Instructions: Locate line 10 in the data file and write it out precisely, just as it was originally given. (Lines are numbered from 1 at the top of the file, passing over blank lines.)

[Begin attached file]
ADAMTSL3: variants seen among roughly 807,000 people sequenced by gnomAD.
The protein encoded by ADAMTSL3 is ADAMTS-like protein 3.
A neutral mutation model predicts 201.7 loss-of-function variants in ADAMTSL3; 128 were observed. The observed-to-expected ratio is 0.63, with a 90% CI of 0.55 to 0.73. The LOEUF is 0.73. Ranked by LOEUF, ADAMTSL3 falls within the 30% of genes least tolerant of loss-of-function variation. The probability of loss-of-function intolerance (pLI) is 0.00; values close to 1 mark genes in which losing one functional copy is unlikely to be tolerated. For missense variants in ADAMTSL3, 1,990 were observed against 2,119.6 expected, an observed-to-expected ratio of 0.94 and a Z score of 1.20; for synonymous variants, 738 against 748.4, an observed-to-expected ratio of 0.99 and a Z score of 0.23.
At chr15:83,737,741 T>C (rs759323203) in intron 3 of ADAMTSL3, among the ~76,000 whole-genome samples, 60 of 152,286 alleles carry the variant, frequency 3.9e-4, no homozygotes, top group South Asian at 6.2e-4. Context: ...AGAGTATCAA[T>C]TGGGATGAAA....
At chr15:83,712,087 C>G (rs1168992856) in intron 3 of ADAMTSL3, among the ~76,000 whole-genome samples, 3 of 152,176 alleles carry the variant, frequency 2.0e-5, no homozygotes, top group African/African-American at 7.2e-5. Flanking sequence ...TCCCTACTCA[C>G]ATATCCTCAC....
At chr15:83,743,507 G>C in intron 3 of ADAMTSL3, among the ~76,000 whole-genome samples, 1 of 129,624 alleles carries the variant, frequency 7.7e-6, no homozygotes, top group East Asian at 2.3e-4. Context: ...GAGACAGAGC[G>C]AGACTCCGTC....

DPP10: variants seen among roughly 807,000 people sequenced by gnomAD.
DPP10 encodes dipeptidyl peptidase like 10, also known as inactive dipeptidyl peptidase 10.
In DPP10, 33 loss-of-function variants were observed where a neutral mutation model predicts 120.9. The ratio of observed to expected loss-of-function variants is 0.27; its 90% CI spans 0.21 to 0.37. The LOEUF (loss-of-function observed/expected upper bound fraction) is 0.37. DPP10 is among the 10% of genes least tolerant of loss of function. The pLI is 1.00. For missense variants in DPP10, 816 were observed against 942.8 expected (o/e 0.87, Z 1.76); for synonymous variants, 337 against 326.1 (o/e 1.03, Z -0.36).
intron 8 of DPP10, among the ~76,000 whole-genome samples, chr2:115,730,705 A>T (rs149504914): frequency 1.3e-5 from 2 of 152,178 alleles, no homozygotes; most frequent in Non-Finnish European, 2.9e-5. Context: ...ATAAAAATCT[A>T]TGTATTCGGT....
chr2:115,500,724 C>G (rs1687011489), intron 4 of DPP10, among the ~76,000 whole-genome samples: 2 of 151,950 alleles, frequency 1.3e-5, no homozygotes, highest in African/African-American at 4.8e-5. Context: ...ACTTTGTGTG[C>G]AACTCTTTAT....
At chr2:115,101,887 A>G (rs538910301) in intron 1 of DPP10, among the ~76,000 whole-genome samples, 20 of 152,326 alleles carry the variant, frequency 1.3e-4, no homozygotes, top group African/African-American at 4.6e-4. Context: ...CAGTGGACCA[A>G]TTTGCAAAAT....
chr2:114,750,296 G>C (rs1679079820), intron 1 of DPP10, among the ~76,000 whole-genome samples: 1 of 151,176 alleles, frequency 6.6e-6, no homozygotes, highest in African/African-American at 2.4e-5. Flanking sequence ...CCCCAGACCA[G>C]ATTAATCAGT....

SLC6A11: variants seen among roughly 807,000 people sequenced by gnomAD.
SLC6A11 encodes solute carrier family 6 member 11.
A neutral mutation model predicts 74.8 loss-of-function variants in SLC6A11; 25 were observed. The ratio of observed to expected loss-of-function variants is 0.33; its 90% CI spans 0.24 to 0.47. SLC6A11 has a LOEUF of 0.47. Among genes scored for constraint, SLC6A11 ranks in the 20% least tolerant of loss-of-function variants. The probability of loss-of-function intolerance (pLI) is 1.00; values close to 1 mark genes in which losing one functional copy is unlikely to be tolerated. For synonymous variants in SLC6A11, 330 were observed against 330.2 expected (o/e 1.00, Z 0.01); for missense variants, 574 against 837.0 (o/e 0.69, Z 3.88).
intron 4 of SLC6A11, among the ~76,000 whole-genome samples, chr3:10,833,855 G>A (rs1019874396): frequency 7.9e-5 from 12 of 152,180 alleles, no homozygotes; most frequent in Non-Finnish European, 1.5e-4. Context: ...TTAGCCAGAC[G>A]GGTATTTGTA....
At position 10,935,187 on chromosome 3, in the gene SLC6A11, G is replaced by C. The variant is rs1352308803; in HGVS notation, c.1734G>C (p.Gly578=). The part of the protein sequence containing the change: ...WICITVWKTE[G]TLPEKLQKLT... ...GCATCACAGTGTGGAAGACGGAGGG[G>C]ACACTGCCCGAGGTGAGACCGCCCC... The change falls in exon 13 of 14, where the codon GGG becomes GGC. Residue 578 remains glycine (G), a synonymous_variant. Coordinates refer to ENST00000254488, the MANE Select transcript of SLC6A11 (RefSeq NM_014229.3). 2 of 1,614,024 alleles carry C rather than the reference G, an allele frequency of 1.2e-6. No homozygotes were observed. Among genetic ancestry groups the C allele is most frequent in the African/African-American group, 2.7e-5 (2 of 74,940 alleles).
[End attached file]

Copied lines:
intron 8 of DPP10, among the ~76,000 whole-genome samples, chr2:115,730,705 A>T (rs149504914): frequency 1.3e-5 from 2 of 152,178 alleles, no homozygotes; most frequent in Non-Finnish European, 2.9e-5. Context: ...ATAAAAATCT[A>T]TGTATTCGGT....